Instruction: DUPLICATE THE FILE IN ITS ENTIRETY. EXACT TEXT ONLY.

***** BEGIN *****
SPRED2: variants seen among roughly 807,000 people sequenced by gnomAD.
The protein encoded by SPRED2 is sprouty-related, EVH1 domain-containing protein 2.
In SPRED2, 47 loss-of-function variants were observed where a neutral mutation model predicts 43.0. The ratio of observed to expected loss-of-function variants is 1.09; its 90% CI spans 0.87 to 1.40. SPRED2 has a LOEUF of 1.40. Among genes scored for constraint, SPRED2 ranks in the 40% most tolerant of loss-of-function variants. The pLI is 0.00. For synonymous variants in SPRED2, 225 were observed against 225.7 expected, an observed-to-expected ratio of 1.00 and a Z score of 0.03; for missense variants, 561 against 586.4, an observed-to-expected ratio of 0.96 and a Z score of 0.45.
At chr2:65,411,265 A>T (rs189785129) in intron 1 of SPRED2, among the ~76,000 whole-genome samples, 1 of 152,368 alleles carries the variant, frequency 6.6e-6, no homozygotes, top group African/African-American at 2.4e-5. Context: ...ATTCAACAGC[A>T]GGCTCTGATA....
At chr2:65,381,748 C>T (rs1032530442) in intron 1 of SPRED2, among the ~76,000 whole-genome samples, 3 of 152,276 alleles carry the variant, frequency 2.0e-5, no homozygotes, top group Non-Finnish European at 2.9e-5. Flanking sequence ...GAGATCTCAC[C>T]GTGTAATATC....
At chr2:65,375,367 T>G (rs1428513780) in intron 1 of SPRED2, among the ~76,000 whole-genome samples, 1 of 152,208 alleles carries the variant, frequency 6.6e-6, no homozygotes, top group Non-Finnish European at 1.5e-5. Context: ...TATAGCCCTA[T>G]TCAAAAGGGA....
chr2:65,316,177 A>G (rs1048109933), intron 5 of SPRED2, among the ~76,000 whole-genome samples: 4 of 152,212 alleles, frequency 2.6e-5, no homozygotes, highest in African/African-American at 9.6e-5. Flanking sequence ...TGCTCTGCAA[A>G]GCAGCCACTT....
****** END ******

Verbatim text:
SPRED2: variants seen among roughly 807,000 people sequenced by gnomAD.
The protein encoded by SPRED2 is sprouty-related, EVH1 domain-containing protein 2.
In SPRED2, 47 loss-of-function variants were observed where a neutral mutation model predicts 43.0. The ratio of observed to expected loss-of-function variants is 1.09; its 90% CI spans 0.87 to 1.40. SPRED2 has a LOEUF of 1.40. Among genes scored for constraint, SPRED2 ranks in the 40% most tolerant of loss-of-function variants. The pLI is 0.00. For synonymous variants in SPRED2, 225 were observed against 225.7 expected, an observed-to-expected ratio of 1.00 and a Z score of 0.03; for missense variants, 561 against 586.4, an observed-to-expected ratio of 0.96 and a Z score of 0.45.
At chr2:65,411,265 A>T (rs189785129) in intron 1 of SPRED2, among the ~76,000 whole-genome samples, 1 of 152,368 alleles carries the variant, frequency 6.6e-6, no homozygotes, top group African/African-American at 2.4e-5. Context: ...ATTCAACAGC[A>T]GGCTCTGATA....
At chr2:65,381,748 C>T (rs1032530442) in intron 1 of SPRED2, among the ~76,000 whole-genome samples, 3 of 152,276 alleles carry the variant, frequency 2.0e-5, no homozygotes, top group Non-Finnish European at 2.9e-5. Flanking sequence ...GAGATCTCAC[C>T]GTGTAATATC....
At chr2:65,375,367 T>G (rs1428513780) in intron 1 of SPRED2, among the ~76,000 whole-genome samples, 1 of 152,208 alleles carries the variant, frequency 6.6e-6, no homozygotes, top group Non-Finnish European at 1.5e-5. Context: ...TATAGCCCTA[T>G]TCAAAAGGGA....
chr2:65,316,177 A>G (rs1048109933), intron 5 of SPRED2, among the ~76,000 whole-genome samples: 4 of 152,212 alleles, frequency 2.6e-5, no homozygotes, highest in African/African-American at 9.6e-5. Flanking sequence ...TGCTCTGCAA[A>G]GCAGCCACTT....